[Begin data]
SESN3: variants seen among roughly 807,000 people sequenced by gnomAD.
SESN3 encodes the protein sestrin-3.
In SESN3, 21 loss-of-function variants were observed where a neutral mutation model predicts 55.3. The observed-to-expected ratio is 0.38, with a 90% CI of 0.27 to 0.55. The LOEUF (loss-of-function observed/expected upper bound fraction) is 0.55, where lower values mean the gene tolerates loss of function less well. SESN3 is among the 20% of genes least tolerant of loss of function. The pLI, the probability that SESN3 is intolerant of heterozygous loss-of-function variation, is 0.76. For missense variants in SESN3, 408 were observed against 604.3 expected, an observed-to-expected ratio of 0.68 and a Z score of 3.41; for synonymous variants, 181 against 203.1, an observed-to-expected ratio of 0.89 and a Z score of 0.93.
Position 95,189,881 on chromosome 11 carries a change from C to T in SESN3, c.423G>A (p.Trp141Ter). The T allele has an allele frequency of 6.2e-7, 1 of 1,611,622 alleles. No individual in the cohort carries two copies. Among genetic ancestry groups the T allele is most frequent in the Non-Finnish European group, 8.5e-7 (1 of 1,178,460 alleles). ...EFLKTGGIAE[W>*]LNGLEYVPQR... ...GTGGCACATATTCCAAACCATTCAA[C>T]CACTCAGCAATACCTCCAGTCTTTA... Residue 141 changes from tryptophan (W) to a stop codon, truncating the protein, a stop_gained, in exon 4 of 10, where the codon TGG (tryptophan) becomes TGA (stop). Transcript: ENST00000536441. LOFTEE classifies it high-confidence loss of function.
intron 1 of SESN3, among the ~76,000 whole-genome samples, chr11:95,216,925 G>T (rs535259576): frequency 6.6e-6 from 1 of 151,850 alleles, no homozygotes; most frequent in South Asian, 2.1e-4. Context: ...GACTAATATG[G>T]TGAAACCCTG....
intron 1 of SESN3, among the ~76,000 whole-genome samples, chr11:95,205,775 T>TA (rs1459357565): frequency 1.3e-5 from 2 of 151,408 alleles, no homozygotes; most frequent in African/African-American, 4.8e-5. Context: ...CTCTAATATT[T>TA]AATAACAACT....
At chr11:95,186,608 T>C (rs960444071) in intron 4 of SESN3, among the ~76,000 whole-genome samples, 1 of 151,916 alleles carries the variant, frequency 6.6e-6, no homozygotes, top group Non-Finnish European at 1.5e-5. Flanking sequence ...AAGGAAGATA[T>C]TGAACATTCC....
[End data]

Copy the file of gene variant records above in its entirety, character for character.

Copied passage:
SESN3: variants seen among roughly 807,000 people sequenced by gnomAD.
SESN3 encodes the protein sestrin-3.
In SESN3, 21 loss-of-function variants were observed where a neutral mutation model predicts 55.3. The observed-to-expected ratio is 0.38, with a 90% CI of 0.27 to 0.55. The LOEUF (loss-of-function observed/expected upper bound fraction) is 0.55, where lower values mean the gene tolerates loss of function less well. SESN3 is among the 20% of genes least tolerant of loss of function. The pLI, the probability that SESN3 is intolerant of heterozygous loss-of-function variation, is 0.76. For missense variants in SESN3, 408 were observed against 604.3 expected, an observed-to-expected ratio of 0.68 and a Z score of 3.41; for synonymous variants, 181 against 203.1, an observed-to-expected ratio of 0.89 and a Z score of 0.93.
Position 95,189,881 on chromosome 11 carries a change from C to T in SESN3, c.423G>A (p.Trp141Ter). The T allele has an allele frequency of 6.2e-7, 1 of 1,611,622 alleles. No individual in the cohort carries two copies. Among genetic ancestry groups the T allele is most frequent in the Non-Finnish European group, 8.5e-7 (1 of 1,178,460 alleles). ...EFLKTGGIAE[W>*]LNGLEYVPQR... ...GTGGCACATATTCCAAACCATTCAA[C>T]CACTCAGCAATACCTCCAGTCTTTA... Residue 141 changes from tryptophan (W) to a stop codon, truncating the protein, a stop_gained, in exon 4 of 10, where the codon TGG (tryptophan) becomes TGA (stop). Transcript: ENST00000536441. LOFTEE classifies it high-confidence loss of function.
intron 1 of SESN3, among the ~76,000 whole-genome samples, chr11:95,216,925 G>T (rs535259576): frequency 6.6e-6 from 1 of 151,850 alleles, no homozygotes; most frequent in South Asian, 2.1e-4. Context: ...GACTAATATG[G>T]TGAAACCCTG....
intron 1 of SESN3, among the ~76,000 whole-genome samples, chr11:95,205,775 T>TA (rs1459357565): frequency 1.3e-5 from 2 of 151,408 alleles, no homozygotes; most frequent in African/African-American, 4.8e-5. Context: ...CTCTAATATT[T>TA]AATAACAACT....
At chr11:95,186,608 T>C (rs960444071) in intron 4 of SESN3, among the ~76,000 whole-genome samples, 1 of 151,916 alleles carries the variant, frequency 6.6e-6, no homozygotes, top group Non-Finnish European at 1.5e-5. Flanking sequence ...AAGGAAGATA[T>C]TGAACATTCC....